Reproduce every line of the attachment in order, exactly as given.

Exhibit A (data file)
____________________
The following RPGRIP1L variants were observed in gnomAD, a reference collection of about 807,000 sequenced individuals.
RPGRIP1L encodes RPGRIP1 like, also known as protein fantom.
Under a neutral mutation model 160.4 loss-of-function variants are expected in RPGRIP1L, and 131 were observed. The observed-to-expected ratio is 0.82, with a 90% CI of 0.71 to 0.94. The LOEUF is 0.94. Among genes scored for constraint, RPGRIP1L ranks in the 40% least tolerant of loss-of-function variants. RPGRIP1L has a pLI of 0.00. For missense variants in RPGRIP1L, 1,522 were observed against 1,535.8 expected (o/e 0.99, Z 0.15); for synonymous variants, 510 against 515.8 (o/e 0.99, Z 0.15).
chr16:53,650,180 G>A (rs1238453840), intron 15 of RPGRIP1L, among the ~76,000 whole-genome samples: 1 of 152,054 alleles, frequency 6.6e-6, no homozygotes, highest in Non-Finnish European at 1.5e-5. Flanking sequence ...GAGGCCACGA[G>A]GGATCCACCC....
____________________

The following RPGRIP1L variants were observed in gnomAD, a reference collection of about 807,000 sequenced individuals.
RPGRIP1L encodes RPGRIP1 like, also known as protein fantom.
Under a neutral mutation model 160.4 loss-of-function variants are expected in RPGRIP1L, and 131 were observed. The observed-to-expected ratio is 0.82, with a 90% CI of 0.71 to 0.94. The LOEUF is 0.94. Among genes scored for constraint, RPGRIP1L ranks in the 40% least tolerant of loss-of-function variants. RPGRIP1L has a pLI of 0.00. For missense variants in RPGRIP1L, 1,522 were observed against 1,535.8 expected (o/e 0.99, Z 0.15); for synonymous variants, 510 against 515.8 (o/e 0.99, Z 0.15).
chr16:53,650,180 G>A (rs1238453840), intron 15 of RPGRIP1L, among the ~76,000 whole-genome samples: 1 of 152,054 alleles, frequency 6.6e-6, no homozygotes, highest in Non-Finnish European at 1.5e-5. Flanking sequence ...GAGGCCACGA[G>A]GGATCCACCC....